signing the treaty of traverse des sioux

    Native American Tribes


    Native American Policy can be defined as the laws and regulations and operations established and adapted in the United States to define the relationship between Native American tribes and the federal government. When the United States first became an independent nation, it implemented the European policies towards these native peoples, but throughout two centuries the U.S. tailored its very own widely varying policies regarding the evolving perspectives and necessities of Native American supervision.

    In 1824, in order to administrate the U.S. government’s Native American policies, Congress formed a new bureau inside the War Department referred to as Bureau of Indian Affairs, which worked directly with the U.S. Army to enforce their policies. At times the federal government recognized the Indians as self-governing, separate political communities with numerous cultural identities; however, at other times the government attempted to compel the Native American tribes to abandon their cultural identity, let go of their land and assimilate into the American traditions.

     

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    With the steady stream of settlers in to Indian “” land, Eastern newspapers printed sensationalized reports of cruel native tribes committing massive massacres of hundreds of white travelers. Although some settlers lost their lives to American Indian attacks, this was not the norm; in fact, Native American tribes frequently helped settlers cross over the Plains. Not only did the American Indians offer wild game and other supplies to travelers, but they served as guides and messengers between wagon trains as well. Despite the genial natures of the American Indians, settlers still anticipated the possibility of an attack.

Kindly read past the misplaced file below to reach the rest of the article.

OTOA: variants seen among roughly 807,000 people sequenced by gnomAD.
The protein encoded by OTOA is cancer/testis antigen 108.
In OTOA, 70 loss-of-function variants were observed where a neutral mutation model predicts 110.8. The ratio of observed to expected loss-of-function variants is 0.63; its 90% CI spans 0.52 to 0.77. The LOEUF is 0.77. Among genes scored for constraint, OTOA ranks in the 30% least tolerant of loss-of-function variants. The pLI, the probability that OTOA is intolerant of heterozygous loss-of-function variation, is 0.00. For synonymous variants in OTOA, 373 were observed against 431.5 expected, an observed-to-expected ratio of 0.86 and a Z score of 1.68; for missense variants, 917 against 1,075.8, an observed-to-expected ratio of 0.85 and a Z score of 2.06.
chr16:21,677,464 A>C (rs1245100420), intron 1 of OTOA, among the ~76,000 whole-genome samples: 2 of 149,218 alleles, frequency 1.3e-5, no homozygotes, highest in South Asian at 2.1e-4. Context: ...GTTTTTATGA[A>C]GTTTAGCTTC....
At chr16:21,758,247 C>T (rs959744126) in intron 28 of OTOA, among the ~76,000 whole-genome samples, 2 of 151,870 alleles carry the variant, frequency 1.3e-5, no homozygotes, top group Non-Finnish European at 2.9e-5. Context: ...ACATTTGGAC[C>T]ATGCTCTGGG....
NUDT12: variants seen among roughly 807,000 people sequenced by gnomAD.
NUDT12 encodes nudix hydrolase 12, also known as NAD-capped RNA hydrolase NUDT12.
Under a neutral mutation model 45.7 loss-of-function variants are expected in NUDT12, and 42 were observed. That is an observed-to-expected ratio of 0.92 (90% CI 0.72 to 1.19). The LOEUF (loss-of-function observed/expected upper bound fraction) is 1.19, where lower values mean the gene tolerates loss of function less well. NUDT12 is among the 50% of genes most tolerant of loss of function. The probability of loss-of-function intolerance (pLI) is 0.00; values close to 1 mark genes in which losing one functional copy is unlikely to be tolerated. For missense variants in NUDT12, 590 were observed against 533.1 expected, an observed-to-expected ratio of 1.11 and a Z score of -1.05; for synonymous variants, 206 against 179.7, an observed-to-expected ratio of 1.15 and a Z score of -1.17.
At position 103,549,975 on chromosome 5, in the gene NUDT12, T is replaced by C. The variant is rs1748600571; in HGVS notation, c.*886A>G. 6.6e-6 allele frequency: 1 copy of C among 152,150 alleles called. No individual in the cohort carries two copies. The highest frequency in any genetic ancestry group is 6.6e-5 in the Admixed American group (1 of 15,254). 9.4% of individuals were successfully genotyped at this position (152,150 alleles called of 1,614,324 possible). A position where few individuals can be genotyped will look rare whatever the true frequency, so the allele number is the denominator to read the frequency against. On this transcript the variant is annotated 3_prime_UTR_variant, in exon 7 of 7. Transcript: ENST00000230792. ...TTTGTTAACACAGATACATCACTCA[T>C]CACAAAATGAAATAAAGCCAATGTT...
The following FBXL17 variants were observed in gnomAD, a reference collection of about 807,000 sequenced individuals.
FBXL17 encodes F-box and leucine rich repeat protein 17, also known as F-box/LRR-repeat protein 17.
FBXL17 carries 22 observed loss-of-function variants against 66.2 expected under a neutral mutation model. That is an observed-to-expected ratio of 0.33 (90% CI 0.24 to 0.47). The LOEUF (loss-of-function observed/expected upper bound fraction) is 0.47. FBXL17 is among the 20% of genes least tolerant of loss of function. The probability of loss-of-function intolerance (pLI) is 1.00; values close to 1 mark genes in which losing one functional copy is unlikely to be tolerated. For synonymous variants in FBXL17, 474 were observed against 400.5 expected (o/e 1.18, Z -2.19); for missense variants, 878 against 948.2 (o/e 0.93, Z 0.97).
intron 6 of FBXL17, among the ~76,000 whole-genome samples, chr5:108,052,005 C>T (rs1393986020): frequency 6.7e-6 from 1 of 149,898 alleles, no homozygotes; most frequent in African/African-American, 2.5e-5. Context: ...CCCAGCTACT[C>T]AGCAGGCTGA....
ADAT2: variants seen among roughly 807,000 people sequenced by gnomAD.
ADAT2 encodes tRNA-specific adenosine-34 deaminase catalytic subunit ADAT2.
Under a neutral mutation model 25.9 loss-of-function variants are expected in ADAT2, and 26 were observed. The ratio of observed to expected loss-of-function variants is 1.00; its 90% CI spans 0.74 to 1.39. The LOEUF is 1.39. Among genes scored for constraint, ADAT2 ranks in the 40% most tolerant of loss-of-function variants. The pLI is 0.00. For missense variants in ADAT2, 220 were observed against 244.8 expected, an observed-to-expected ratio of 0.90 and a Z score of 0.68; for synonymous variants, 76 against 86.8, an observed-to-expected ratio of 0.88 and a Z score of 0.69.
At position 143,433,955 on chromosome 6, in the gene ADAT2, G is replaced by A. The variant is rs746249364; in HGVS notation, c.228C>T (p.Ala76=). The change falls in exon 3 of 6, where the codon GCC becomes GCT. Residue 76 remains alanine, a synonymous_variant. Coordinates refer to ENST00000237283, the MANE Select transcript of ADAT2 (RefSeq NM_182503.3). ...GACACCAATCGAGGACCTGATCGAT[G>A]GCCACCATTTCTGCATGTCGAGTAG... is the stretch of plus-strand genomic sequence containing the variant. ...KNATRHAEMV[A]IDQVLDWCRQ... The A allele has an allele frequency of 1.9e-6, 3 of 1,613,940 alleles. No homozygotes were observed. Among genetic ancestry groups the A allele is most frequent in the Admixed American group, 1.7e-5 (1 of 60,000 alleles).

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    To soothe these fears, in 1851 the U.S. government placed a conference with several local Indian tribes and established the Treaty of Fort Laramie. Under this treaty, each Native American tribe accepted a bounded territory, allowed the government to construct tracks and forts in this territory and pledged never to attack settlers; in return the federal government agreed to honor the boundaries of each tribe’s territory and make gross payments to the Indians. The Native American tribes responded peacefully to the treaty; in fact the Cheyenne, Sioux, Crow, Arapaho, Assinibione, Mandan, Gros Ventre and Arikara tribes, who signed the treaty, even agreed to end the hostilities amidst their tribes in order to accept the conditions of the treaty.

     

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    indian treaties were regularly violated by the USThis peaceful accord between the U.S. government and the Native American tribes didn’t hold very long. After hearing stories of fertile terrain and great mineral wealth in the West, the government soon broke their pledge established in the Treat of Fort Laramie by permitting thousands of non-Indians to flood into the region. With so many newcomers heading west, the federal government established a plan of restricting Native Americans to reservations, limited areas of land within a group’s territory that was set aside exclusively for their use, to be able to grant more property for “” non-Indian settlers.

    In a series of new treaties the U.S. government compelled Native Americans to abandon their land and migrate to reservations in exchange for protection from attacks by white settlers. In addition, the Indians were offered a yearly payment that would include money in addition to foodstuffs, animals, household goods and agricultural equipment. These reservations were established in an effort to pave the way for increasing U.S. expansion and administration in the West, as well as to keep the Native Americans separate from the whites in order to decrease the potential for conflict.